To live in the modern age is to be bombarded with tragedy, conflict, and political strife. Childhood is the only period in which one is free not to concern oneself with the complexities of the world. But, in today’s day and age, childhood is being politicized—and children are worse off for it.
Politics have seeped into the education system nationwide. Activist educators have sown divisive rhetoric into curricula, confusing and dividing children in the process. The rise of critical race theory, for example, is teaching our children that their immutable characteristics are paramount, thus eroding common humanity at its source.
Educators have usurped the role of moral authority. Activist teachers have assumed responsibility for the political activation of their pupils, implanting their own beliefs into children’s heads and, in the process, robbing each child of autonomy and the freedom to arrive at his or her own conclusions.
Children today are faced with mounting pressure to prematurely adopt a political persona and have watched as language policing and political correctness have gone awry in the broader culture. It, therefore, should be no surprise that the phenomenon of cancel culture is creeping into younger and younger age demographics.
Though childhood is meant to be fraught with mistakes and self-discovery, today’s children have been taught to police one another’s language. They have grown up in a zero-tolerance world and are rendered to operate like little politicians, taking care not to step out of line. Our graceless society, therefore, has sown self-censorship and self-doubt into its youngest.
But the politicization of childhood isn’t just coming from educational and social spheres—suddenly their modes of entertainment are also pushing an agenda. Today’s children are confronted with activist books and television shows that are infused with divisive messages. Kids are being robbed of innocence on all fronts when even Sunday cartoons aren’t politically neutral.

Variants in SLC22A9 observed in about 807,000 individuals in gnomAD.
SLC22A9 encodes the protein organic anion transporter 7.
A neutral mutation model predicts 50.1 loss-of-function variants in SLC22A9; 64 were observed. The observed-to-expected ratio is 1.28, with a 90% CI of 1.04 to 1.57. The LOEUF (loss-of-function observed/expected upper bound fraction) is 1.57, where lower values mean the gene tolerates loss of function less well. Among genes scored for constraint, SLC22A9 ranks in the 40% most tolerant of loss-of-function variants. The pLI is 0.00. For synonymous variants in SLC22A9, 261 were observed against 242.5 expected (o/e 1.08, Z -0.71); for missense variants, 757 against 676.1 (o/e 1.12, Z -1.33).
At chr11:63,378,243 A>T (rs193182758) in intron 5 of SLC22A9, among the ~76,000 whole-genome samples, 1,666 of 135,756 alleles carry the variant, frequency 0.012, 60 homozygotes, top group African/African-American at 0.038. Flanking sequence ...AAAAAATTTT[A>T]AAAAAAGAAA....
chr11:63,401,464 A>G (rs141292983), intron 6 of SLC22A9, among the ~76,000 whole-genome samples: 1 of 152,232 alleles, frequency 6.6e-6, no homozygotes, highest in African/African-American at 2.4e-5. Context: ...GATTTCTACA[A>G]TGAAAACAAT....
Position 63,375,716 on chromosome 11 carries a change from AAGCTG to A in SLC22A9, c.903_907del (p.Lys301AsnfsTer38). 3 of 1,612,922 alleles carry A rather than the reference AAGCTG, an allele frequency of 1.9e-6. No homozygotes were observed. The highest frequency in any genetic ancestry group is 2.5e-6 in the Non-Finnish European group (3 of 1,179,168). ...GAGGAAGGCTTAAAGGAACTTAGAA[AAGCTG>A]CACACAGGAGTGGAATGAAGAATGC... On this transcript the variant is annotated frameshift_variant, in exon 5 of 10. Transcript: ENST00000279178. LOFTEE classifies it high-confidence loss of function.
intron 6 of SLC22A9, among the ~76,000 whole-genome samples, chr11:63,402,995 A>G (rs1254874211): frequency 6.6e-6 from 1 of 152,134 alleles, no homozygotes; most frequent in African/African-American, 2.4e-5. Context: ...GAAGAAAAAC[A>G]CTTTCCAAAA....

As a member of Generation Z, I have watched the creep of politics into childhood, though I’ve only been politically aware for a short number of years. Though my childhood was not so long ago, it looked entirely different. I was not bombarded with political messaging on all fronts.
School was school, cartoons were cartoons, and if I made a mistake or said something out of line, it was a growing experience, not grounds for cancellation. I’m a member of the last sub-generation of kids allowed enough freedom to come into our own morally, philosophically, and politically—a luxury sadly not afforded to those even just a few years younger.
Parents, teachers, and administrators around the nation are finally taking a stand against the politicization of childhood—in fact, just last week, parents in Loudon County, Virginia, made headlines for the ad they took out fighting back against critical race theory in their local school system. We have a moral obligation as a nation to stand behind such efforts to let kids be kids.
Politics have no place in childhood. Education should serve to inform students, not to activate them. Cartoons and books should be outlets for relaxation, not modes of indoctrination. We must teach our children how to think, not what to think. But, most importantly, we must preserve and defend a generation’s right to a brief period of innocence before they inherit a tumultuous world.
Rikki Schlott is a writer and student based in New York City. As a young free speech activist, her writing chronicles the rise of illiberalism from a Generation Z perspective. Schlott also works for The Megyn Kelly Show and has been published by The Daily Wire and The Conservative Review.
Views expressed in this article are the opinions of the author and do not necessarily reflect the views of The Epoch Times.